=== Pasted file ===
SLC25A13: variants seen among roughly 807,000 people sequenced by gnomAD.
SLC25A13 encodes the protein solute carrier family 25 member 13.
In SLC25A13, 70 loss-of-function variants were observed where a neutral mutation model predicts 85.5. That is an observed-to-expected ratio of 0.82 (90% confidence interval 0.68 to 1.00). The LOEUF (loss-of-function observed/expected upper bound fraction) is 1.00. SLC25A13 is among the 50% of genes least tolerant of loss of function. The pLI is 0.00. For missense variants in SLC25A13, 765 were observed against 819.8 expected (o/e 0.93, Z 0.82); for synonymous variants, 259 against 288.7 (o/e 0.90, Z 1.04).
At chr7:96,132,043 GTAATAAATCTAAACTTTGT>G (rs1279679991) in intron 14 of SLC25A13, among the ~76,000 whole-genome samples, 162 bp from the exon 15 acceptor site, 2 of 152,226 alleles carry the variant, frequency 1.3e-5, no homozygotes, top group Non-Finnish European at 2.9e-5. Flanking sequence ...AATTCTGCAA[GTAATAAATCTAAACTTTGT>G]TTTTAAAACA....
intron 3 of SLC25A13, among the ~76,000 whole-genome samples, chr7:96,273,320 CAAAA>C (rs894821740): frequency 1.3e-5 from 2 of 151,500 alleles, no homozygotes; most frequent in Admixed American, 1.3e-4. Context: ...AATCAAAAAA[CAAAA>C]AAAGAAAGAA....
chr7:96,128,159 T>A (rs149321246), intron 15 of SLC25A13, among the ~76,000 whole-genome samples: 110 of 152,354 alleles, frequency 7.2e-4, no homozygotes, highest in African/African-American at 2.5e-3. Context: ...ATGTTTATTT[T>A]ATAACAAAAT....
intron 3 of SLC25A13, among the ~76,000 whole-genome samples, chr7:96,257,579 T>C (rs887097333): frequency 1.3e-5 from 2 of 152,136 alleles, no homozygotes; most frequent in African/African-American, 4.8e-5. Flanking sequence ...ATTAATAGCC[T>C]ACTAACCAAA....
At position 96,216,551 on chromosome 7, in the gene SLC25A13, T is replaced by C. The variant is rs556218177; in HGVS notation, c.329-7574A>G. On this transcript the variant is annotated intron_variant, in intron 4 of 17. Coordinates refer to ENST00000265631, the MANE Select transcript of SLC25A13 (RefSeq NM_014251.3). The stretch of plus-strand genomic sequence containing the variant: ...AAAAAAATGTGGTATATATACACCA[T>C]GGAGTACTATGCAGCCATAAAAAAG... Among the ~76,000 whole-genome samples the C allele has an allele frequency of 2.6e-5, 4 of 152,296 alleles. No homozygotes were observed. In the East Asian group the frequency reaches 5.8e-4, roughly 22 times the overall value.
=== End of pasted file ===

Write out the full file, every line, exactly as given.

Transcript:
SLC25A13: variants seen among roughly 807,000 people sequenced by gnomAD.
SLC25A13 encodes the protein solute carrier family 25 member 13.
In SLC25A13, 70 loss-of-function variants were observed where a neutral mutation model predicts 85.5. That is an observed-to-expected ratio of 0.82 (90% confidence interval 0.68 to 1.00). The LOEUF (loss-of-function observed/expected upper bound fraction) is 1.00. SLC25A13 is among the 50% of genes least tolerant of loss of function. The pLI is 0.00. For missense variants in SLC25A13, 765 were observed against 819.8 expected (o/e 0.93, Z 0.82); for synonymous variants, 259 against 288.7 (o/e 0.90, Z 1.04).
At chr7:96,132,043 GTAATAAATCTAAACTTTGT>G (rs1279679991) in intron 14 of SLC25A13, among the ~76,000 whole-genome samples, 162 bp from the exon 15 acceptor site, 2 of 152,226 alleles carry the variant, frequency 1.3e-5, no homozygotes, top group Non-Finnish European at 2.9e-5. Flanking sequence ...AATTCTGCAA[GTAATAAATCTAAACTTTGT>G]TTTTAAAACA....
intron 3 of SLC25A13, among the ~76,000 whole-genome samples, chr7:96,273,320 CAAAA>C (rs894821740): frequency 1.3e-5 from 2 of 151,500 alleles, no homozygotes; most frequent in Admixed American, 1.3e-4. Context: ...AATCAAAAAA[CAAAA>C]AAAGAAAGAA....
chr7:96,128,159 T>A (rs149321246), intron 15 of SLC25A13, among the ~76,000 whole-genome samples: 110 of 152,354 alleles, frequency 7.2e-4, no homozygotes, highest in African/African-American at 2.5e-3. Context: ...ATGTTTATTT[T>A]ATAACAAAAT....
intron 3 of SLC25A13, among the ~76,000 whole-genome samples, chr7:96,257,579 T>C (rs887097333): frequency 1.3e-5 from 2 of 152,136 alleles, no homozygotes; most frequent in African/African-American, 4.8e-5. Flanking sequence ...ATTAATAGCC[T>C]ACTAACCAAA....
At position 96,216,551 on chromosome 7, in the gene SLC25A13, T is replaced by C. The variant is rs556218177; in HGVS notation, c.329-7574A>G. On this transcript the variant is annotated intron_variant, in intron 4 of 17. Coordinates refer to ENST00000265631, the MANE Select transcript of SLC25A13 (RefSeq NM_014251.3). The stretch of plus-strand genomic sequence containing the variant: ...AAAAAAATGTGGTATATATACACCA[T>C]GGAGTACTATGCAGCCATAAAAAAG... Among the ~76,000 whole-genome samples the C allele has an allele frequency of 2.6e-5, 4 of 152,296 alleles. No homozygotes were observed. In the East Asian group the frequency reaches 5.8e-4, roughly 22 times the overall value.